In this procedure, the patient's own blood stem cells are collected and frozen ahead of therapy that would normally be too intensive without backup blood stem cells. After the intensive therapy, the previously collected stem cells are transplanted back into the patient in a manner similar to a regular blood transfusion. The return of the blood stem cells helps patients overcome the destruction of white and red blood cells and platelets. Without new stem cells, patients would have too few white cells to ward off a life-threatening infection. They would also develop anemia because of low numbers of red cells and bleeding problems caused by too few platelets, which help the blood to clot.
Why High-Dose Therapy?
Certain cancers can respond to chemotherapy with a decrease in the number of cancerous cells with every cycle of chemotherapy. For some cancers, a point is reached where a small number of residual cancer cells remain that do not respond as well to the standard repeated doses of chemotherapy, particularly those of blood cancers: leukemia, lymphoma and multiple myeloma. However, these residual cells may be destroyed by higher doses of chemotherapy. As long as patients receive adequate blood stem-cell support, chemotherapy doses several times higher than the conventional maximum can be tolerated. Some blood cancers can be cured this way.
Even when high doses of chemotherapy with blood stem cell support do not "cure" certain cancers, they often can cause the cancer cells to be severely depleted and suppressed. Clinical trials have shown that diseases like multiple myeloma and follicular lymphoma, which usually involve the bone marrow, can be controlled for longer periods using higher doses of chemotherapy. This also can help in certain forms of amyloidosis where the overproduction of protein by plasma cells in the bone marrow leads to systemic disease. As a result, you may hear that the goal of some autologous transplant procedures is disease "control" rather than “cure."
Allogenic (Non-self donor) Stem Cell Transplant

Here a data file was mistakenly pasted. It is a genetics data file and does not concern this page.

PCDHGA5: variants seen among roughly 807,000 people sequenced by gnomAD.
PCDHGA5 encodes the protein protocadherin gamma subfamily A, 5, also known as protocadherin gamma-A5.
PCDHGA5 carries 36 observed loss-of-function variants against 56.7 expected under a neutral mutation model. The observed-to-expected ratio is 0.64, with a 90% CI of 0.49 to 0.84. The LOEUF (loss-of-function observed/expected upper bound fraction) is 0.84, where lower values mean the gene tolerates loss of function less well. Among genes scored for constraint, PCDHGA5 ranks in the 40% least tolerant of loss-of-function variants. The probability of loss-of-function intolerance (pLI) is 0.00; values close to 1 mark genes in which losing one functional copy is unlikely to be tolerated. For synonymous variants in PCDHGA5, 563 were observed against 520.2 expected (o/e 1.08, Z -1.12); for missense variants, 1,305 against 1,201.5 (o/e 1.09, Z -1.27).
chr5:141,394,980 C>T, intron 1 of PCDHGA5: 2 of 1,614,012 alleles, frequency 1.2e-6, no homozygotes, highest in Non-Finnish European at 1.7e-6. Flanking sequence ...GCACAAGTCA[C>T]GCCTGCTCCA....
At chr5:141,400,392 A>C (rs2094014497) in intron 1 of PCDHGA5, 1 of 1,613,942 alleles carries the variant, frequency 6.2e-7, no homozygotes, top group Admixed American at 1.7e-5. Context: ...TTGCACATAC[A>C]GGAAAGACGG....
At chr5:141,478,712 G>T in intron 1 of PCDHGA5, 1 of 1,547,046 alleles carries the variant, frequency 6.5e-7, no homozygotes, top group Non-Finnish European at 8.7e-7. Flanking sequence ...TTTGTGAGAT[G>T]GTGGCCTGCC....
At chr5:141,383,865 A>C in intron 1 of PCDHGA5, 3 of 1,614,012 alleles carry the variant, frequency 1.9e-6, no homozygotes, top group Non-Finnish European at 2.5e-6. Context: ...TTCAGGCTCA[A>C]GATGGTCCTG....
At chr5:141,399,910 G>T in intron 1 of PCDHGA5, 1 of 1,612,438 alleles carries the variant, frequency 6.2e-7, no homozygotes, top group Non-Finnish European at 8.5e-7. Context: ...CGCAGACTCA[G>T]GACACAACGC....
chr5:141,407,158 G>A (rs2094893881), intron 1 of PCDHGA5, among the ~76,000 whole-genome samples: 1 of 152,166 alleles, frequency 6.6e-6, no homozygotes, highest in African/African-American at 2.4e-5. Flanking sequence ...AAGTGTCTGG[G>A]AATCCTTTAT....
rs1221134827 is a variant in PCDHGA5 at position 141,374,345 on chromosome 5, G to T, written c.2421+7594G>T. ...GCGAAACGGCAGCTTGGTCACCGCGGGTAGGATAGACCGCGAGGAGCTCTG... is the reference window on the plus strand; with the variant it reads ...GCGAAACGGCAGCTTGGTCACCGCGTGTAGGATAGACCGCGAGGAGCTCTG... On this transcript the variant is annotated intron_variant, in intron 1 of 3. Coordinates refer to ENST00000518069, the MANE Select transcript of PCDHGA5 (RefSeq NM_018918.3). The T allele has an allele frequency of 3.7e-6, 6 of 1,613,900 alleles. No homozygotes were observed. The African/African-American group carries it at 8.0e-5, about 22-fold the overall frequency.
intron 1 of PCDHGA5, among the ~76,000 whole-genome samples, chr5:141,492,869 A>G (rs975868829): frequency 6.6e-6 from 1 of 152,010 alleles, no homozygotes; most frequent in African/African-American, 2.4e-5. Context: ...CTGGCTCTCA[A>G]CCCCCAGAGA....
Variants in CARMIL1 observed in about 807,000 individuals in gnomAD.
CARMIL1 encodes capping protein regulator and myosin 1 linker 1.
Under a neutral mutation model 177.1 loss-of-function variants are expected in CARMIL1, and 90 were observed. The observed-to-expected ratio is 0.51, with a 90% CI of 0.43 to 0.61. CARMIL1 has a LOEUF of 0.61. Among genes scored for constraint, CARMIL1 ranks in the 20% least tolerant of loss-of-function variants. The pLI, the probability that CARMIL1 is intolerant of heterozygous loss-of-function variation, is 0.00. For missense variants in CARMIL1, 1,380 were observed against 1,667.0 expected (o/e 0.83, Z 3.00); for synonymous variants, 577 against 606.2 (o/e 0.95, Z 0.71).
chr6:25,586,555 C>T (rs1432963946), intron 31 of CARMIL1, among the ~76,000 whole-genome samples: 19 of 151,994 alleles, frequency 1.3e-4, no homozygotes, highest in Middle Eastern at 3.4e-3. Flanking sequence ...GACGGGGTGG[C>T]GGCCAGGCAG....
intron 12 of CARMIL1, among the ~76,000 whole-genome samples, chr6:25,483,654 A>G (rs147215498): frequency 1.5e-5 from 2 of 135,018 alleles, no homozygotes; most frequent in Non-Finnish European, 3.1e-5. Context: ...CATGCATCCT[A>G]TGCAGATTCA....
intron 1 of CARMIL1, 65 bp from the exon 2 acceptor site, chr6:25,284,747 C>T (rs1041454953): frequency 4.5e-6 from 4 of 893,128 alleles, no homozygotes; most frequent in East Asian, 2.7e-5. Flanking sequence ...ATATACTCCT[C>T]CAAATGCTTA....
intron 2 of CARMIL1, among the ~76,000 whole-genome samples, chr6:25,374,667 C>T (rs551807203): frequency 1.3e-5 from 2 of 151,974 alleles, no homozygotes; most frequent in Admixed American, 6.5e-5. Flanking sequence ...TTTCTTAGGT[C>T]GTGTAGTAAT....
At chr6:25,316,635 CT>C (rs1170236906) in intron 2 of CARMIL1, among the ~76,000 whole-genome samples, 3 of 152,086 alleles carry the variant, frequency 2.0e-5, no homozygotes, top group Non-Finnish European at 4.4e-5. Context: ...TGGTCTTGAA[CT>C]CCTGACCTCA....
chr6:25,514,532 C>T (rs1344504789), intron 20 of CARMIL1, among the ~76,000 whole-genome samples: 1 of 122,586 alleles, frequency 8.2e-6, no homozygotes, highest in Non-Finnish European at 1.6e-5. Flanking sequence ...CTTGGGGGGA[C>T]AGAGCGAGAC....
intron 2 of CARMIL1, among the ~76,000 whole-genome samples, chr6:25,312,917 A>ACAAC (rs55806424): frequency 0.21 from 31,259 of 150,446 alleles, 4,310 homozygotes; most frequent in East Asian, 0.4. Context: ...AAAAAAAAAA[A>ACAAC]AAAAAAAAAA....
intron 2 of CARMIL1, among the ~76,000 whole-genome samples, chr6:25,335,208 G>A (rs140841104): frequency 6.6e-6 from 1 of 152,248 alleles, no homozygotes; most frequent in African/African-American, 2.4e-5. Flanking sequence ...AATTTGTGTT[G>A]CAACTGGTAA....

In this procedure, a donor's HLA-matched blood stem cells are collected and transplanted into the patient. HLA matching is the process of determining if the donor and the patient share certain critical genes that educate the immune system which is different than a blood type. The safest allogeneic transplants occur when donors and patients share the same HLA genes. Because these genes are all on chromosome 6 and because we inherit a chromosome 6 from each parent, there is a 25% chance that any one brother or sister will have the same HLA genes. Recent advances in our understanding of immune recovery after an allogeneic transplant have allowed us to also use donors who only match at one chromosome 6 or "haplo" donors in patients without other donor options. This is still an experimental procedure in our program, offered on a protocol basis. When there is not a full or haplo match donor in the family, we may need to refer the patient to a center than can find a match among the millions of volunteer donors in the international HLA registry.
Before an allogeneic transplant, the patient is admitted to the hospital to undergo “conditioning” therapy to prepare them to receive the cells from the donor. In some cases, where the blood cancer needs to be suppressed more, intensive treatment with chemotherapy or radiation are used. However, often the goal is to simply replace the patient's bone marrow and immune system with new cells from the donor rather than kill huge numbers of cancer cells. In this case, less intensive therapy can be used in a "mini" allogeneic transplant.
The Engrafted Immune System
After an allogeneic stem cell transplant, the patient's bone marrow cells are replaced with new, healthy donor cells. These cells will produce the white blood cells, red blood cells and platelets that the patient needs for a healthy blood system. Moreover, all of the cells that comprise the patient's immune system are replaced, resulting in a completely new immune system. These new donor immune cells often can recognize any residual cancer cells in the patient as "foreign invaders" and directly attack and kill them. This is a very useful therapy for patients that do not respond well to other standard therapies. Every cancer has a different sensitivity to this immune attack, so this treatment does not work with all cancers. Fortunately, most blood cancers do respond.
Graft versus Host Disease (GVHD)
Unfortunately, there is a potential downside to allogeneic transplant in that the new immune cells may recognize some normal parts of the patient as "foreign invaders" and attack these normal cells. This complication is called "graft versus host disease," where "graft" refers to the donor cells and "host" refers to the patient. The better the HLA match between the donor and patient, the lower the chances of severe GVHD. However, with newer techniques even “haplo” donors can be used successfully as noted above. Graft versus host disease can be a life-threatening problem and is the major complication of an allogeneic transplant. If an allogeneic transplant is part of your therapy, we will discuss this issue with you in detail.